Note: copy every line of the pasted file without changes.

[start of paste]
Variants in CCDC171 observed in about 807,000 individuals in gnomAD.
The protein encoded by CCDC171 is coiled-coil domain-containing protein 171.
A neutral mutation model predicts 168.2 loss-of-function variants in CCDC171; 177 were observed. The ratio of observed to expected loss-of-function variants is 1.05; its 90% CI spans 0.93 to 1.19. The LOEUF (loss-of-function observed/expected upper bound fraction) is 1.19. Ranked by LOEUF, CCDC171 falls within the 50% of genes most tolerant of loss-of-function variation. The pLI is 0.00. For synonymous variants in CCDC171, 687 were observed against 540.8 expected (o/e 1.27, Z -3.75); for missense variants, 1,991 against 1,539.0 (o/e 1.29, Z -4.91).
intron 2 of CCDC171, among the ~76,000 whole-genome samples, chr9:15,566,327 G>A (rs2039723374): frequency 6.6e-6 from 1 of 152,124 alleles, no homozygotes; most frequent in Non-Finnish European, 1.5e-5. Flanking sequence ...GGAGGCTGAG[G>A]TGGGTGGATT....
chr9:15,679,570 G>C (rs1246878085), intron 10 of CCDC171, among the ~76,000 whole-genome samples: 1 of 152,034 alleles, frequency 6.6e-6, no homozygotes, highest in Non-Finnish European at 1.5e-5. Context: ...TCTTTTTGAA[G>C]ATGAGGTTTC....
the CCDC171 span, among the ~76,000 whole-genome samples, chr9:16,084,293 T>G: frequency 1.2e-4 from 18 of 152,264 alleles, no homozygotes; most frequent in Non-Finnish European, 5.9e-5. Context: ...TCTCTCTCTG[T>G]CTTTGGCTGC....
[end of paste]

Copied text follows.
Variants in CCDC171 observed in about 807,000 individuals in gnomAD.
The protein encoded by CCDC171 is coiled-coil domain-containing protein 171.
A neutral mutation model predicts 168.2 loss-of-function variants in CCDC171; 177 were observed. The ratio of observed to expected loss-of-function variants is 1.05; its 90% CI spans 0.93 to 1.19. The LOEUF (loss-of-function observed/expected upper bound fraction) is 1.19. Ranked by LOEUF, CCDC171 falls within the 50% of genes most tolerant of loss-of-function variation. The pLI is 0.00. For synonymous variants in CCDC171, 687 were observed against 540.8 expected (o/e 1.27, Z -3.75); for missense variants, 1,991 against 1,539.0 (o/e 1.29, Z -4.91).
intron 2 of CCDC171, among the ~76,000 whole-genome samples, chr9:15,566,327 G>A (rs2039723374): frequency 6.6e-6 from 1 of 152,124 alleles, no homozygotes; most frequent in Non-Finnish European, 1.5e-5. Flanking sequence ...GGAGGCTGAG[G>A]TGGGTGGATT....
chr9:15,679,570 G>C (rs1246878085), intron 10 of CCDC171, among the ~76,000 whole-genome samples: 1 of 152,034 alleles, frequency 6.6e-6, no homozygotes, highest in Non-Finnish European at 1.5e-5. Context: ...TCTTTTTGAA[G>C]ATGAGGTTTC....
the CCDC171 span, among the ~76,000 whole-genome samples, chr9:16,084,293 T>G: frequency 1.2e-4 from 18 of 152,264 alleles, no homozygotes; most frequent in Non-Finnish European, 5.9e-5. Context: ...TCTCTCTCTG[T>G]CTTTGGCTGC....